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CS92PROD
Michel Foucault: Power and Its Products
PHIL 359
Spring 2019 not offered

Is power productive of reality? What does Michel Foucault (1926-1984) mean when he famously declares that power is not just prohibitive, but productive? Foucault's work has been enormously influential in the fields of philosophy, social theory, history, anthropology, queer theory, and feminist theory, among others. The primary topic of Foucault┐s work is the way in which we have come to categorize not only our world but ourselves and in particular to categorize ourselves in terms of madness, criminality, disease, and sexuality. Foucault, however, is interested in more than these categories themselves: he aims to investigate the conditions through which these categories come to be seen as capable of capturing truths about ourselves. This investigation leads him, in the mature phase of his work that begins in the 1970s, to the problem of power, which is best thought of as a set of relations and not as a thing or a possession. Foucault takes power relations to be (a) implied in relations of knowledge and (b) to be "productive," in a certain sense, of social reality. In this course, we will try to clarify the relationship between power, the production of the social, and knowledge in Foucault's work.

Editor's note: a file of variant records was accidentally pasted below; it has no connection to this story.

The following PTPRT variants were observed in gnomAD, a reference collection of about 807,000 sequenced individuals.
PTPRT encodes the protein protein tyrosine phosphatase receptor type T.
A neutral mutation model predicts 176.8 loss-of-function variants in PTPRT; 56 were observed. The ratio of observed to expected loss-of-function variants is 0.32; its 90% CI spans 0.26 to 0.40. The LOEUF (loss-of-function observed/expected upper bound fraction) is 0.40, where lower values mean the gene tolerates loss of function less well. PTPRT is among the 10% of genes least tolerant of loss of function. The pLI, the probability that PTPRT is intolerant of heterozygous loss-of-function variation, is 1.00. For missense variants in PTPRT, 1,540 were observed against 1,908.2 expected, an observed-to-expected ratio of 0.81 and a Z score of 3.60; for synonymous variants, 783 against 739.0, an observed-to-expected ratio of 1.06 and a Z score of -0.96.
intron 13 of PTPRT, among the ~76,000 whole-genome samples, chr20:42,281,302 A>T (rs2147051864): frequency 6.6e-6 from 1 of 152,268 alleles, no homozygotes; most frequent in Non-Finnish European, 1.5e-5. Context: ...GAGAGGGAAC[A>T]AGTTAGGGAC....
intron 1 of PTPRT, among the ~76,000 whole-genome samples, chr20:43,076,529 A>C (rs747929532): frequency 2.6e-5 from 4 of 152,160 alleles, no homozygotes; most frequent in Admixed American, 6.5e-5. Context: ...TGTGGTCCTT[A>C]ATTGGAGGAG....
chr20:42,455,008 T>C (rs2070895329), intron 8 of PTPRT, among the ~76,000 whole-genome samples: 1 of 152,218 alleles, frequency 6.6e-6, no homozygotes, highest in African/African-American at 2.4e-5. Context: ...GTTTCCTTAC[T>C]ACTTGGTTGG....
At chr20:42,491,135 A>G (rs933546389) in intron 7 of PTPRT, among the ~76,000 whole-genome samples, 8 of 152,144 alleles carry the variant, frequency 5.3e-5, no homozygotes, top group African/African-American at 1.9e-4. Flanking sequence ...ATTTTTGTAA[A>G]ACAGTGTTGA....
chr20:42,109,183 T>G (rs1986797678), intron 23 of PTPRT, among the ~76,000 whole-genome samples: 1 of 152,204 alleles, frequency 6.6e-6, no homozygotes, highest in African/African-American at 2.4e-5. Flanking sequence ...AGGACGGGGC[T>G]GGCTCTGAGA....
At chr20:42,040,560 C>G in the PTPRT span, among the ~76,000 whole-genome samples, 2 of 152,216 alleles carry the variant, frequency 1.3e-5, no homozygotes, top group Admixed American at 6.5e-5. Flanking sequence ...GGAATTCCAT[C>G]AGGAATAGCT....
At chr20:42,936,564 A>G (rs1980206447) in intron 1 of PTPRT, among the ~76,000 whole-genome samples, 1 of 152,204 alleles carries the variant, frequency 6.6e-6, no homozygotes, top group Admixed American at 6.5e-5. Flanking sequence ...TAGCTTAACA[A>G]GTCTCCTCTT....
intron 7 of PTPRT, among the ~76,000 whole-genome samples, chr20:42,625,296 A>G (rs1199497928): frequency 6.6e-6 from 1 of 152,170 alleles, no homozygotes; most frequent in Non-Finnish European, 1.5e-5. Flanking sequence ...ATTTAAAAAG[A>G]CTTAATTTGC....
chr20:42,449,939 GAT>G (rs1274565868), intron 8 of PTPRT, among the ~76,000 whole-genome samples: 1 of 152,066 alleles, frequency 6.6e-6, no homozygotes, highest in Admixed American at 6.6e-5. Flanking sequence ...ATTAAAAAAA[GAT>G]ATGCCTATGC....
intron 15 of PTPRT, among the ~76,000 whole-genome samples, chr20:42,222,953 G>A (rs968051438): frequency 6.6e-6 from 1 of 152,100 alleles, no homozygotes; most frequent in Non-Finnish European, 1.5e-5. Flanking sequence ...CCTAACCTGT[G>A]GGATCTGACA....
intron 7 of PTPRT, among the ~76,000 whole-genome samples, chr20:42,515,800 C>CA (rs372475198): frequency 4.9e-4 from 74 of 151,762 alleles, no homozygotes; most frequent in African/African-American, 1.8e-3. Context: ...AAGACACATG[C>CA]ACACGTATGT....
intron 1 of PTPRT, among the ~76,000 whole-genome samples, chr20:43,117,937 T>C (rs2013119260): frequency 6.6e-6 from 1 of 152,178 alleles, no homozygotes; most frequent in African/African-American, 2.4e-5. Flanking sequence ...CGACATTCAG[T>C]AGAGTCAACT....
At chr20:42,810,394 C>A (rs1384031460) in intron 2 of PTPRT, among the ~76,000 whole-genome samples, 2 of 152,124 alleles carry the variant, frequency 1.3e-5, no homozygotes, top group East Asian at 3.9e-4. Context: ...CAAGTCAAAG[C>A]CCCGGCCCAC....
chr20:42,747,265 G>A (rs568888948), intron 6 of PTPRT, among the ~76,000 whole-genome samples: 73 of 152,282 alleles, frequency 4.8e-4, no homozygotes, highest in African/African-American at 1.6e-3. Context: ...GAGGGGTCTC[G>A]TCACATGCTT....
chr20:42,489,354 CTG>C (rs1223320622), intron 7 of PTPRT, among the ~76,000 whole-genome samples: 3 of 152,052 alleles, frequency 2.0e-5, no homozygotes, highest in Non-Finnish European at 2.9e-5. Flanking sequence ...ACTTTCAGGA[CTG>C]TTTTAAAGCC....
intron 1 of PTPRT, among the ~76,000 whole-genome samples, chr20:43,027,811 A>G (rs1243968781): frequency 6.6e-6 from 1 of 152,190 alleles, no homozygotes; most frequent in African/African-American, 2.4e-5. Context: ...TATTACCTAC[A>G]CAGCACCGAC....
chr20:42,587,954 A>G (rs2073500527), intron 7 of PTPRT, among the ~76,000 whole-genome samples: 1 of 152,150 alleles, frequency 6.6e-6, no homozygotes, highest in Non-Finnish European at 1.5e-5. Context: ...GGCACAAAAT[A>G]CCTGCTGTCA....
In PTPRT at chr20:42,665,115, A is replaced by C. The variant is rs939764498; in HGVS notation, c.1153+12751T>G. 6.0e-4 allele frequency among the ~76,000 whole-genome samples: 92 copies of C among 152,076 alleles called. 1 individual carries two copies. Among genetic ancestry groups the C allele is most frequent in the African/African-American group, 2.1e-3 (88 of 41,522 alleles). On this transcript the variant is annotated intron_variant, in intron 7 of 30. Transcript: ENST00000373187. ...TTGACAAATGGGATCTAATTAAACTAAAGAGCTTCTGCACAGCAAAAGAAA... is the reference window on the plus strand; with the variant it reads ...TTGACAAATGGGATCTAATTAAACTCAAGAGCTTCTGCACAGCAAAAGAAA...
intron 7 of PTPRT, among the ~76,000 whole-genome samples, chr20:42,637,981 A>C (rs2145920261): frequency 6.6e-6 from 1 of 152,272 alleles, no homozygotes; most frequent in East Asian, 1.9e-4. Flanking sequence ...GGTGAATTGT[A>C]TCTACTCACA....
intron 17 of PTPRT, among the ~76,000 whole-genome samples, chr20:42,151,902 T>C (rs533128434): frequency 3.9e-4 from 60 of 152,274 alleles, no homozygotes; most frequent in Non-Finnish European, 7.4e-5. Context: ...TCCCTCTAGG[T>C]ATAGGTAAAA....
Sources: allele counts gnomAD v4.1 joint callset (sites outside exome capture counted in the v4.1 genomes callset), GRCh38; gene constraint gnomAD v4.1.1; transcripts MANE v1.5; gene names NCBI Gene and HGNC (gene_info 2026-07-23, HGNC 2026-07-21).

On the one hand, to call power productive opens the door to a major reconsideration of the basic problems of social and political philosophy, which can no longer be assured of having a timeless set of basic questions or objects (the state, the citizen-subject). On the other hand, there is a risk in this approach of ascribing almost magical qualities to power and of reifying it. Since his death, Foucault's thought has often been taken to end up in a curious impasse, caught between extreme activism that accepts no system of power as established and cynicism that sees co-optation everywhere and resistance as futile. What are the political implications of Foucault's shifting conception of power? What follows for our understanding of ourselves? What is really at stake in the ways that we classify and categorize ourselves today?
Credit: 1 Gen Ed Area Dept: SBS PHIL
Course Format: SeminarGrading Mode: Graded
Level: UGRD Prerequisites: None
Fulfills a Major Requirement for: (PHIL)(PHIL-Philosophy)(PHIL-Social Jus)

Last Updated on MAY-19-2022
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